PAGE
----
The 256-slice CT enables the entire brain to be scanned in a single examination. We evaluated the application of 256-slice whole-brain CT perfusion (CTP) in determining graft patency as well as investigating cerebral hemodynamic changes in Moyamoya disease before and after surgical revascularization.
Thirty-nine cases of Moyamoya disease were evaluated before and after surgical revascularization with 256-slice CT. Whole-brain perfusion images and dynamic 3D CT angiographic images generated from perfusion source data were obtained in all patients. Cerebral blood flow (CBF), cerebral blood volume (CBV), time to peak (TTP) and mean transit time (MTT) of one hemisphere in the region of middle cerebral artery (MCA) distribution and contralateral mirroring areas were measured. Relative CTP values (rCBF, rCBV, rTTP, rMTT) were also obtained. Differences in pre- and post- operation perfusion CT values were assessed with paired t test or matched-pairs signed-ranks test.
Preoperative CBF, MTT and TTP of potential surgical side were significantly different from those of contralateral side (P<0.01 for all). All graft patencies were displayed using the 3D-CTA images. Postoperative CBF, rCBF and rCBV values of surgical side in the region of MCA were significantly higher than those before operation (P<0.01 for all). Postoperative MTT, TTP, rMTT and rTTP values of the surgical side in the region of MCA were significantly lower than those before operation (P<0.05 for all).
Citation: Zhang J, Wang J, Geng D, Li Y, Song D, Gu Y (2013) Whole-Brain CT Perfusion and CT Angiography Assessment of Moyamoya Disease before and after Surgical Revascularization: Preliminary Study with 256-Slice CT. PLoS ONE 8(2): e57595. https://doi.org/10.1371/journal.pone.0057595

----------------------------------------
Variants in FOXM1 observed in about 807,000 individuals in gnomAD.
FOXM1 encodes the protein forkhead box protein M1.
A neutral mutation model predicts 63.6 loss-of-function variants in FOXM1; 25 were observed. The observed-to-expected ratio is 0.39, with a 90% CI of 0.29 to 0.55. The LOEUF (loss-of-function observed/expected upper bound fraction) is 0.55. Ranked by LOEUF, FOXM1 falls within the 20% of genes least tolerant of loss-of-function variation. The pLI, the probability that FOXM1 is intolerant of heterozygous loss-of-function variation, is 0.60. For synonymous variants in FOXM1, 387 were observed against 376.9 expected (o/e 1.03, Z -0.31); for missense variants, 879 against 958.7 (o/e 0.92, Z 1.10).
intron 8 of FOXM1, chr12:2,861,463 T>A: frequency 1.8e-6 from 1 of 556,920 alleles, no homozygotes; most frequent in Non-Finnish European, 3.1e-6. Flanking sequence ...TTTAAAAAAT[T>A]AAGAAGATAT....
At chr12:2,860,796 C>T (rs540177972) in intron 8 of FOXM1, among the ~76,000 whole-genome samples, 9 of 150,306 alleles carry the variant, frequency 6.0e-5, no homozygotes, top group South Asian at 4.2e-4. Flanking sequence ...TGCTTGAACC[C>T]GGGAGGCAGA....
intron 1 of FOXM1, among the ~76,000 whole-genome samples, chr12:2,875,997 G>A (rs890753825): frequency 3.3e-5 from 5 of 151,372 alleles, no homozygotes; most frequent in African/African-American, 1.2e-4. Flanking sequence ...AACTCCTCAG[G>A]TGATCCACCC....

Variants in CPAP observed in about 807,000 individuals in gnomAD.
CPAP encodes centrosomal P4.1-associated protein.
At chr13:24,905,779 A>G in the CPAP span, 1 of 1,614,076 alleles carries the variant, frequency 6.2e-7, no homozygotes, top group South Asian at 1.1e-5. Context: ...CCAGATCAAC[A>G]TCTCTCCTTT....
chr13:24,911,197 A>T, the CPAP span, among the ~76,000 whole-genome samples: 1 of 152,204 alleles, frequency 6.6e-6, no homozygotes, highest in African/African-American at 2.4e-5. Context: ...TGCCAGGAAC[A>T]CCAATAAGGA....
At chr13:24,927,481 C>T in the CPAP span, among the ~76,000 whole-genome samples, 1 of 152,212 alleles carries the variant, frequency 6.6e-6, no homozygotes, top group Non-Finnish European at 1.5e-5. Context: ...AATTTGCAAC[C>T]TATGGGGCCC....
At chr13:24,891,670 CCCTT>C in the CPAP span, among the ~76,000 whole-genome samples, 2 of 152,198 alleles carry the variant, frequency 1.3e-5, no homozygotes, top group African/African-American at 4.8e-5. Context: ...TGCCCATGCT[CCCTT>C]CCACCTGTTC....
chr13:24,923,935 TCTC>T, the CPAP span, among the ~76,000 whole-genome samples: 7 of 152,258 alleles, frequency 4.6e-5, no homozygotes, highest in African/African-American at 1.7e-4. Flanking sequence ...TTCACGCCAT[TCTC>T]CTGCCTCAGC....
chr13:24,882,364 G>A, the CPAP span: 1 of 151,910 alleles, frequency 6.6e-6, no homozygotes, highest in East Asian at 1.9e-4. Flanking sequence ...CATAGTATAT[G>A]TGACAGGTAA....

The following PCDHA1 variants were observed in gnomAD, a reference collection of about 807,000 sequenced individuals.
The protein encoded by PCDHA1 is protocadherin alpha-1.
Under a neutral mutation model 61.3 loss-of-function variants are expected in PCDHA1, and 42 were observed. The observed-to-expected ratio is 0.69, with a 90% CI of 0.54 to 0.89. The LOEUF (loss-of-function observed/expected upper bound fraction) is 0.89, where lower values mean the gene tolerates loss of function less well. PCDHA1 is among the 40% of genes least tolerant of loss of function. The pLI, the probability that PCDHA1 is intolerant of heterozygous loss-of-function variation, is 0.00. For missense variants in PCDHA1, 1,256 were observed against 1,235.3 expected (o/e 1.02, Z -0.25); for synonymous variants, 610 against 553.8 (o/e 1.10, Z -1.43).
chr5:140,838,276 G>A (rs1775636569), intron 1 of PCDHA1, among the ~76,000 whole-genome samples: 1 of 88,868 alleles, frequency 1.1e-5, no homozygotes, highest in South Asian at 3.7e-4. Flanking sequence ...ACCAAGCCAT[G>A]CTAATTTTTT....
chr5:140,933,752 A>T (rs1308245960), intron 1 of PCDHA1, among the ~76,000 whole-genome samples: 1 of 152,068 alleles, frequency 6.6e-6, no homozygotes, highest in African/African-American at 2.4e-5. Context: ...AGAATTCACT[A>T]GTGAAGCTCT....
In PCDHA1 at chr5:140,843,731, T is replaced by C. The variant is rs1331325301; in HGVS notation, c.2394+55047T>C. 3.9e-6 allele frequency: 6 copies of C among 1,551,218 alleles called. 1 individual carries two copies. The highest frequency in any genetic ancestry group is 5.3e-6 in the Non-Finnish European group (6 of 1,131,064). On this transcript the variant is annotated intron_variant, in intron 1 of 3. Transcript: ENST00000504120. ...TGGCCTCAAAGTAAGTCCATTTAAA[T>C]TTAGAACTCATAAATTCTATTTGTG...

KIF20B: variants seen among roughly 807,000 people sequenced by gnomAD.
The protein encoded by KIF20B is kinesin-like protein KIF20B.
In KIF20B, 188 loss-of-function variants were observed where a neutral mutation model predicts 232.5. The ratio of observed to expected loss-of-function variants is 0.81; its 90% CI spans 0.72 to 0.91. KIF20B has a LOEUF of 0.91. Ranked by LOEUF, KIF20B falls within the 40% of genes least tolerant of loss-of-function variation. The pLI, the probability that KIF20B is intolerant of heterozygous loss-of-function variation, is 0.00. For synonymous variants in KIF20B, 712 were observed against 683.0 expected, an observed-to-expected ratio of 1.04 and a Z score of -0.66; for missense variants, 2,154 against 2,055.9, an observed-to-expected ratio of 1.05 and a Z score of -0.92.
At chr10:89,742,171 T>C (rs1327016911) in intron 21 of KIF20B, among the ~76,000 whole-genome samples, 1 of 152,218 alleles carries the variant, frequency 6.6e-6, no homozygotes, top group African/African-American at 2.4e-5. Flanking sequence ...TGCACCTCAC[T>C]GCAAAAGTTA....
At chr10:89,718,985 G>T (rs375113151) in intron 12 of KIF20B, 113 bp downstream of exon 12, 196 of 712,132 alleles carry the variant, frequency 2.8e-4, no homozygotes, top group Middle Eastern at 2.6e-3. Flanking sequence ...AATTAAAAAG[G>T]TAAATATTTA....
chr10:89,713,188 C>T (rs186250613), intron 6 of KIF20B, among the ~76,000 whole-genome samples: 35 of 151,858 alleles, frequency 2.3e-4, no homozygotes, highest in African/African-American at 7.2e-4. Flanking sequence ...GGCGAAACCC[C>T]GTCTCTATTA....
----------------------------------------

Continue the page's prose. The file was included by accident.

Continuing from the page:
Editor: Jens Minnerup, University of Münster, Germany
Received: August 15, 2012; Accepted: January 24, 2013; Published: February 22, 2013
Copyright: © 2013 Zhang et al. This is an open-access article distributed under the terms of the Creative Commons Attribution License, which permits unrestricted use, distribution, and reproduction in any medium, provided the original author and source are credited.
Funding: This work was supported by the grant from Science and Technical committee of Shanghai Municipality (12ZR1441600, 12XD1401500). The funders had no role in study design, data collection and analysis, decision to publish, or preparation of the manuscript.
Competing interests: The authors have declared that no competing interests exist.
Moyamoya disease is characterized by a chronic progressive steno-occlusive vasculopathy affecting the terminal internal carotid arteries . Characteristic radiographic findings confirm the diagnosis, and recognition of the disease early in its course together with prompt institution of therapy, are critical in order to achieve the best outcome in patients. Revascularization surgery appears to be effective in preventing stroke in patients with Moyamoya . The clinical presentation and outcome of Moyamoya disease remain varied based on angiographic studies alone; otherwise there are intrinsic limitations of angiographic studies used to evaluate the complex interplay of cerebral circulation in qualitative and quantitative methods. Brain perfusion data plays an important role in the preoperative pathologic assessment of patients with Moyamoya disease and in the therapeutic planning. Compared to PET, SPECT and MRI, the advantages of CT perfusion (CTP) include its high accessibility, the fast speed of the examination, and the lack of significant contraindications. The isotropic volume data of the whole-brain can be acquired over a 12-cm area once without helical scanning with a 256-slice CT scanner. Thus, perfusion data of the entire brain can be obtained by means of continuous dynamic scanning; allowing evaluation of whole-brain perfusion , and dynamic whole-brain CT angiographic images can be obtained from the arterial phase to the venous phase in the same examination. The purpose of the present study was to evaluate the value of the application of 256-slice whole-brain CTP in confirming the graft patency with vessel images obtained in the source data of CTP as well as investigating cerebral hemodynamic changes in Moyamoya disease before and after surgical revascularization.